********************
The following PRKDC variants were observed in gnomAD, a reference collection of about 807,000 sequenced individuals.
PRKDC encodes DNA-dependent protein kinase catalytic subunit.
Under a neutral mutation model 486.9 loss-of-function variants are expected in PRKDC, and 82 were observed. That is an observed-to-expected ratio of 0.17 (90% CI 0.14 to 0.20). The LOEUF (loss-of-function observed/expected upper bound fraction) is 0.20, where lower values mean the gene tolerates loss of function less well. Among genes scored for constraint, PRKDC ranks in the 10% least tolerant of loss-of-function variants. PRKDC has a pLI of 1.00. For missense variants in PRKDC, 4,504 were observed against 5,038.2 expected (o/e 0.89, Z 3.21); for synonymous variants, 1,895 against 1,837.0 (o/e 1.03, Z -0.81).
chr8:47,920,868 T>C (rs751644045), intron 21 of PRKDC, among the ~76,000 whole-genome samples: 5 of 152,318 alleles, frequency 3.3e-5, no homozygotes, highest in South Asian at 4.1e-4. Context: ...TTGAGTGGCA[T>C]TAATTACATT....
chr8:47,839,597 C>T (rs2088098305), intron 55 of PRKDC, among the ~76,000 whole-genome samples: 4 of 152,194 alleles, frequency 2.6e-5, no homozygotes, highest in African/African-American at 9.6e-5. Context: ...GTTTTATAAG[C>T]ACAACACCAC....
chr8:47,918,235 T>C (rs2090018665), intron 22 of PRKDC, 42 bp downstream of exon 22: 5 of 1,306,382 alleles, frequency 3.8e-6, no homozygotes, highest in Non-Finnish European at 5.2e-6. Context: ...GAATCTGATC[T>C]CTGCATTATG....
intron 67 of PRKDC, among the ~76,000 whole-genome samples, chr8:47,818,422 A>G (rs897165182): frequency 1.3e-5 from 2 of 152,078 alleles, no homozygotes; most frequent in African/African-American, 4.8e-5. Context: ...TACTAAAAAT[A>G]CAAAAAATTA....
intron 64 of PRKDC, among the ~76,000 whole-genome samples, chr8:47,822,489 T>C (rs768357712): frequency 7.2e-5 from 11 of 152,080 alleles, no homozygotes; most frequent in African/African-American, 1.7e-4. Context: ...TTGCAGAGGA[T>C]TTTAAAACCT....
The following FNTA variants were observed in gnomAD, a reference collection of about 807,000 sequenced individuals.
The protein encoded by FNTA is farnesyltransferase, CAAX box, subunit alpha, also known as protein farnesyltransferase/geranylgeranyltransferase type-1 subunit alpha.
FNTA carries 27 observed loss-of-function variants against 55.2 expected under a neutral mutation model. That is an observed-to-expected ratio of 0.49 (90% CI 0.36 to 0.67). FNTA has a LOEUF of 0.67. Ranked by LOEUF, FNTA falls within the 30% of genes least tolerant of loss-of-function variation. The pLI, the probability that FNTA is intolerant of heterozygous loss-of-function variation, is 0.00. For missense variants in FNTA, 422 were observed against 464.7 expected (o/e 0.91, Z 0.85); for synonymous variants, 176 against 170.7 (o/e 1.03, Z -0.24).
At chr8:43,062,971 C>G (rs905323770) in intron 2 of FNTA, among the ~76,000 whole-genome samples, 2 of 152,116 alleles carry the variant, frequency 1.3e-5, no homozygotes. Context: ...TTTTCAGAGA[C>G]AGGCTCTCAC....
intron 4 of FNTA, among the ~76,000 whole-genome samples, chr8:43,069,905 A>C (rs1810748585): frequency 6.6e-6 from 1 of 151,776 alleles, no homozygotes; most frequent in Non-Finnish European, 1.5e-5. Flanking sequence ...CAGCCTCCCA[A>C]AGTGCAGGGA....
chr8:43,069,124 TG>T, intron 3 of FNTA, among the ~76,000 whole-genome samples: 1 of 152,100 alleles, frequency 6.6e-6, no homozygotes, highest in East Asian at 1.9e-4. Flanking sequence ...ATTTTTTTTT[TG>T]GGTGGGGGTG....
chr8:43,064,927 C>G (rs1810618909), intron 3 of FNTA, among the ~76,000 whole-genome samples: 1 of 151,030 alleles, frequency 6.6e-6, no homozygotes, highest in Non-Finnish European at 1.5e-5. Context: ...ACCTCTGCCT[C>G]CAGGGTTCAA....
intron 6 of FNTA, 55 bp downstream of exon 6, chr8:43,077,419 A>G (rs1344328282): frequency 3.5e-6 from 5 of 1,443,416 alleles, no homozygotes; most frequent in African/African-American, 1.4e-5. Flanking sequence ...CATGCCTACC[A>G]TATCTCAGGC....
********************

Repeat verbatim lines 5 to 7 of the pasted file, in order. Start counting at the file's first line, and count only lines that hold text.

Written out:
chr8:47,839,597 C>T (rs2088098305), intron 55 of PRKDC, among the ~76,000 whole-genome samples: 4 of 152,194 alleles, frequency 2.6e-5, no homozygotes, highest in African/African-American at 9.6e-5. Context: ...GTTTTATAAG[C>T]ACAACACCAC....
chr8:47,918,235 T>C (rs2090018665), intron 22 of PRKDC, 42 bp downstream of exon 22: 5 of 1,306,382 alleles, frequency 3.8e-6, no homozygotes, highest in Non-Finnish European at 5.2e-6. Context: ...GAATCTGATC[T>C]CTGCATTATG....
intron 67 of PRKDC, among the ~76,000 whole-genome samples, chr8:47,818,422 A>G (rs897165182): frequency 1.3e-5 from 2 of 152,078 alleles, no homozygotes; most frequent in African/African-American, 4.8e-5. Context: ...TACTAAAAAT[A>G]CAAAAAATTA....